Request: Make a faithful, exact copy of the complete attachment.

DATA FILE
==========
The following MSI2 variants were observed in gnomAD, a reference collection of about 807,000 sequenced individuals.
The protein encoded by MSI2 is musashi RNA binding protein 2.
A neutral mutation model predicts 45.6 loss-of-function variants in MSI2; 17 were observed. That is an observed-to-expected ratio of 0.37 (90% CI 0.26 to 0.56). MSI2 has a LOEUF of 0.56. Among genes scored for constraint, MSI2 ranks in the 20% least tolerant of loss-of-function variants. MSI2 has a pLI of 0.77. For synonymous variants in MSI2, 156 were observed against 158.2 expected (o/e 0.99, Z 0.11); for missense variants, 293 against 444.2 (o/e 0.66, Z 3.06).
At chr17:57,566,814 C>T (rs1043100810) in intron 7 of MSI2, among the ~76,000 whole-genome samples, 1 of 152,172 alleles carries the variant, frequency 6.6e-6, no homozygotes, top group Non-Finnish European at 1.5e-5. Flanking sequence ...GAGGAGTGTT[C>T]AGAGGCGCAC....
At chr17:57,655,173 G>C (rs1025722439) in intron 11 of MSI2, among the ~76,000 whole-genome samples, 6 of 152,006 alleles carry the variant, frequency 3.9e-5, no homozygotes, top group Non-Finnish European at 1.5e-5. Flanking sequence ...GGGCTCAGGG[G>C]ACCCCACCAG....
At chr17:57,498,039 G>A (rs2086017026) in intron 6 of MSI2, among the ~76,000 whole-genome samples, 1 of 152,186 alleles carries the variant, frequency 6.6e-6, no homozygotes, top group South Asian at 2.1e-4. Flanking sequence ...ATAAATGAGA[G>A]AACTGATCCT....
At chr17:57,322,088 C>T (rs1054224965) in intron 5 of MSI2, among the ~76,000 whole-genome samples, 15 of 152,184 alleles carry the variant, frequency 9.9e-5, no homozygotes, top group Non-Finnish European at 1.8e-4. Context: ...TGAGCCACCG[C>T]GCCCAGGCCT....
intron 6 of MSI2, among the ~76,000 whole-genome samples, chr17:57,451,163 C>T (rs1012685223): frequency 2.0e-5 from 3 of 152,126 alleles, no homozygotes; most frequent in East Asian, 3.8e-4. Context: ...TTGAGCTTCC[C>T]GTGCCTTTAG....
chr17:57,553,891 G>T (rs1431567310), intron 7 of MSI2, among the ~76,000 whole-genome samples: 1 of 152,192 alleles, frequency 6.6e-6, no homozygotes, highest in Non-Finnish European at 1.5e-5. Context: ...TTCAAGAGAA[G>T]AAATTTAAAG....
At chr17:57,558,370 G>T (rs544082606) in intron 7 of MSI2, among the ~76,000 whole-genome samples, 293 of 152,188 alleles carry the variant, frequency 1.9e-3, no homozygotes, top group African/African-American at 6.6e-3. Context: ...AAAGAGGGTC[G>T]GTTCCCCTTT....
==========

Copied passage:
The following MSI2 variants were observed in gnomAD, a reference collection of about 807,000 sequenced individuals.
The protein encoded by MSI2 is musashi RNA binding protein 2.
A neutral mutation model predicts 45.6 loss-of-function variants in MSI2; 17 were observed. That is an observed-to-expected ratio of 0.37 (90% CI 0.26 to 0.56). MSI2 has a LOEUF of 0.56. Among genes scored for constraint, MSI2 ranks in the 20% least tolerant of loss-of-function variants. MSI2 has a pLI of 0.77. For synonymous variants in MSI2, 156 were observed against 158.2 expected (o/e 0.99, Z 0.11); for missense variants, 293 against 444.2 (o/e 0.66, Z 3.06).
At chr17:57,566,814 C>T (rs1043100810) in intron 7 of MSI2, among the ~76,000 whole-genome samples, 1 of 152,172 alleles carries the variant, frequency 6.6e-6, no homozygotes, top group Non-Finnish European at 1.5e-5. Flanking sequence ...GAGGAGTGTT[C>T]AGAGGCGCAC....
At chr17:57,655,173 G>C (rs1025722439) in intron 11 of MSI2, among the ~76,000 whole-genome samples, 6 of 152,006 alleles carry the variant, frequency 3.9e-5, no homozygotes, top group Non-Finnish European at 1.5e-5. Flanking sequence ...GGGCTCAGGG[G>C]ACCCCACCAG....
At chr17:57,498,039 G>A (rs2086017026) in intron 6 of MSI2, among the ~76,000 whole-genome samples, 1 of 152,186 alleles carries the variant, frequency 6.6e-6, no homozygotes, top group South Asian at 2.1e-4. Flanking sequence ...ATAAATGAGA[G>A]AACTGATCCT....
At chr17:57,322,088 C>T (rs1054224965) in intron 5 of MSI2, among the ~76,000 whole-genome samples, 15 of 152,184 alleles carry the variant, frequency 9.9e-5, no homozygotes, top group Non-Finnish European at 1.8e-4. Context: ...TGAGCCACCG[C>T]GCCCAGGCCT....
intron 6 of MSI2, among the ~76,000 whole-genome samples, chr17:57,451,163 C>T (rs1012685223): frequency 2.0e-5 from 3 of 152,126 alleles, no homozygotes; most frequent in East Asian, 3.8e-4. Context: ...TTGAGCTTCC[C>T]GTGCCTTTAG....
chr17:57,553,891 G>T (rs1431567310), intron 7 of MSI2, among the ~76,000 whole-genome samples: 1 of 152,192 alleles, frequency 6.6e-6, no homozygotes, highest in Non-Finnish European at 1.5e-5. Context: ...TTCAAGAGAA[G>T]AAATTTAAAG....
At chr17:57,558,370 G>T (rs544082606) in intron 7 of MSI2, among the ~76,000 whole-genome samples, 293 of 152,188 alleles carry the variant, frequency 1.9e-3, no homozygotes, top group African/African-American at 6.6e-3. Context: ...AAAGAGGGTC[G>T]GTTCCCCTTT....